Thomas Soden, co-founder and CEO of RTD cocktail brand Ace + Freak, sells his offerings in aluminium cans. Although aluminium cans are infinitely recyclable, when selecting labels for the beverages Soden was surprised to come across some hurdles to recyclability.

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Image source: Ace + Freak

“We found that out of the three types of labelling materials, two of them rendered the can unrecyclable,” ​he told delegates at the Future Summit. Ace + Freak selected a polypropylene label that can be removed and recycled as two separate raw materials.

Elsewhere, the canned cocktail brand is also reducing its footprint via upcycling. The company does this in collaboration with its co-packaging facility, whereby Ace + Freak repurposes any excess boxes the third-party may have. “It extends the life of that cardboard…and it costs us less money. And I think [that comes from] that constant mentality of questioning everything.”

Thinking outside the box

The global wine industry is dominated by glass packaging. It is estimated 19bn glass bottles are sold into the global market annually, suggested the sector is more reluctant to move into more sustainable alternatives.

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Image source: When in Rome

As 39% of the wine industry’s emissions are associated with packaging and transport, UK start-up When in Rome – which understands the two are intrinsically linked – is working to reduce this footprint.

Instead of using glass bottles to sell its Italian imported wine, When in Rome works with three formats: boxed cask wine, 100% recyclable cans, and its brand new paper bottled wine.

The latter is essentially a bag in the shape of a bottle, Rob Malin, CEO of When in Rome, explained. The paper bottle is made from 94% recycled paper and has a carbon footprint 84% lower than a single-use glass bottle.

Last year, Made in Rome was also the first wine brand in the UK to go public with its climate footprint via a partnership with Carbon Cloud. Malin sees the move as ‘just the start’ of its commitment towards ‘radical transparency’ of the climate impact of its business activities.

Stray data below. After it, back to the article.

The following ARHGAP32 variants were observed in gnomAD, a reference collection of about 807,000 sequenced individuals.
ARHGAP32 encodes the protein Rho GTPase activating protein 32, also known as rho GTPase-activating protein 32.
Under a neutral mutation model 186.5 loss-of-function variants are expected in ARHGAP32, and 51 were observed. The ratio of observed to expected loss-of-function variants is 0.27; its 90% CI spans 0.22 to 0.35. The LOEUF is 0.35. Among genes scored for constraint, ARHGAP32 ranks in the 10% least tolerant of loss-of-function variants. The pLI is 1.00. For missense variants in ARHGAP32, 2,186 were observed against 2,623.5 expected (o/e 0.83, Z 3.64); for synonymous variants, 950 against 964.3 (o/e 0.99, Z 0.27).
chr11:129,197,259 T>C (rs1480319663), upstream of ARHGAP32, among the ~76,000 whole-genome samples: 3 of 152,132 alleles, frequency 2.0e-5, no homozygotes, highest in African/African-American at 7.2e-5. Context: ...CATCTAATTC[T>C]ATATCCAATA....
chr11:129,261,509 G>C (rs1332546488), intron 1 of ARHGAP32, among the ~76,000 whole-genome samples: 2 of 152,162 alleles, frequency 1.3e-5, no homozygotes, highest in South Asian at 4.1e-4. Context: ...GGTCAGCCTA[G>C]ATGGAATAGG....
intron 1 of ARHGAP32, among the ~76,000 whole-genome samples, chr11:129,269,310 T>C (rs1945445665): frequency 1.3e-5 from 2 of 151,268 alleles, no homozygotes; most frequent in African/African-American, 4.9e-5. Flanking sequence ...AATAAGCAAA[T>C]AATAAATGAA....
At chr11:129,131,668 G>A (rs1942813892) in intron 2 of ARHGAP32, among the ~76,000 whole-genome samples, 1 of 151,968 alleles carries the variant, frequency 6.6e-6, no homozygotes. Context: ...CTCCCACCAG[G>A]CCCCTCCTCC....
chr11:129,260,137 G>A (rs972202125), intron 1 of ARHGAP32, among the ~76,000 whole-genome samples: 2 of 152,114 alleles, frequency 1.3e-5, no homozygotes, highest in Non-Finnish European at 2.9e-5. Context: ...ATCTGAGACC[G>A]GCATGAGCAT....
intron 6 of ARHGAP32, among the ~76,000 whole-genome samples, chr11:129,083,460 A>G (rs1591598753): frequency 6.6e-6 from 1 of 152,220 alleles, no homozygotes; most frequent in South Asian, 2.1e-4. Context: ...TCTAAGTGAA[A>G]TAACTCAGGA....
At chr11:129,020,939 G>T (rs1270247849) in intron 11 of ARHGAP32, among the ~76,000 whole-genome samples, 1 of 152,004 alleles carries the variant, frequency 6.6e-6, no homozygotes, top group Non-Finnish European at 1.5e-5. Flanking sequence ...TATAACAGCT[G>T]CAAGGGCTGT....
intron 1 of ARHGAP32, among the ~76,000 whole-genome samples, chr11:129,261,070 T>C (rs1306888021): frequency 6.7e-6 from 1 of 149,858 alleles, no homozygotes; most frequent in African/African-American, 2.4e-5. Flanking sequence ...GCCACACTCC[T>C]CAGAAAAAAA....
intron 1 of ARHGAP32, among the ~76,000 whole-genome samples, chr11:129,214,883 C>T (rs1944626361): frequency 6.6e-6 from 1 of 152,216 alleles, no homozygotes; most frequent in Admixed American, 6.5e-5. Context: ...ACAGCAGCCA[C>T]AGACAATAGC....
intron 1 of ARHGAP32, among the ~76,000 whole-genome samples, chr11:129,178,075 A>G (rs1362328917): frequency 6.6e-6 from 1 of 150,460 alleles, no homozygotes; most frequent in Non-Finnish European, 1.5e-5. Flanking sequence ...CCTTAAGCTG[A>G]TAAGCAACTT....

Spotlight on infrastructure

The responsibility of tackling the packaging waste problem cannot lie with start-ups alone.

A multi-sectoral approach, incorporating the public and private sector, as well as consumers, is likely to be the best one the take. And as WARP Snacks’ Sustainability Manager expressed, it may not be the material itself that is the problem, but the ‘system in which they work’.

“Plastic is not the enemy,” ​Leggett told delegates, but for smaller businesses, “it’s difficult to change the system”.

Lack of recycling infrastructure, for example, represents a major hurdle to recycling in the UK. While some flexible film can be recycled when consumers return it to certain retail stores, only WARP’s PROPER brand – which uses a double layer packaging – is eligible.

WARP’s Eat Real brand, on the other hand, uses a triple layer. “This is because we export a lot of that product, so it needs to have different food safety requirements,” ​she explained. As a result, Eat Real films cannot be recycled in the UK.

This is part of the reason WARP is looking to collaborate better with stakeholders, we were told: “We can’t solve that in isolation.”